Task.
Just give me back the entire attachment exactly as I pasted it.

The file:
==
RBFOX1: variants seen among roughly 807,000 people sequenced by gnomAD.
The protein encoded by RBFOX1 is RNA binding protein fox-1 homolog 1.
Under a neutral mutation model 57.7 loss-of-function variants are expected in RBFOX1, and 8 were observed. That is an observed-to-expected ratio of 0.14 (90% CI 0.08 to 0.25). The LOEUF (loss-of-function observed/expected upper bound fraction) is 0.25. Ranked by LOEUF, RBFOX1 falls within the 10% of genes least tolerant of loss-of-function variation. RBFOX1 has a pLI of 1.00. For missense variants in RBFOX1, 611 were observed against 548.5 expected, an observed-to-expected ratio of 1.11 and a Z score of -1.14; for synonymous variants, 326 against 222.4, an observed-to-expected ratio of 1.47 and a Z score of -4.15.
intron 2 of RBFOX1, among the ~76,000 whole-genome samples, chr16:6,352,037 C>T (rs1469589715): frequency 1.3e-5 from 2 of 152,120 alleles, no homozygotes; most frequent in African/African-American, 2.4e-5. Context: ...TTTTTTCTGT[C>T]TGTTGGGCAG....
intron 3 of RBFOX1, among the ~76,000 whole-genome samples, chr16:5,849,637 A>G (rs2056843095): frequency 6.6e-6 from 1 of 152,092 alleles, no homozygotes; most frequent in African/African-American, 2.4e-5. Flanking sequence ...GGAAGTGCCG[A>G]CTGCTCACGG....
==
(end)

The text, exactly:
RBFOX1: variants seen among roughly 807,000 people sequenced by gnomAD.
The protein encoded by RBFOX1 is RNA binding protein fox-1 homolog 1.
Under a neutral mutation model 57.7 loss-of-function variants are expected in RBFOX1, and 8 were observed. That is an observed-to-expected ratio of 0.14 (90% CI 0.08 to 0.25). The LOEUF (loss-of-function observed/expected upper bound fraction) is 0.25. Ranked by LOEUF, RBFOX1 falls within the 10% of genes least tolerant of loss-of-function variation. RBFOX1 has a pLI of 1.00. For missense variants in RBFOX1, 611 were observed against 548.5 expected, an observed-to-expected ratio of 1.11 and a Z score of -1.14; for synonymous variants, 326 against 222.4, an observed-to-expected ratio of 1.47 and a Z score of -4.15.
intron 2 of RBFOX1, among the ~76,000 whole-genome samples, chr16:6,352,037 C>T (rs1469589715): frequency 1.3e-5 from 2 of 152,120 alleles, no homozygotes; most frequent in African/African-American, 2.4e-5. Context: ...TTTTTTCTGT[C>T]TGTTGGGCAG....
intron 3 of RBFOX1, among the ~76,000 whole-genome samples, chr16:5,849,637 A>G (rs2056843095): frequency 6.6e-6 from 1 of 152,092 alleles, no homozygotes; most frequent in African/African-American, 2.4e-5. Flanking sequence ...GGAAGTGCCG[A>G]CTGCTCACGG....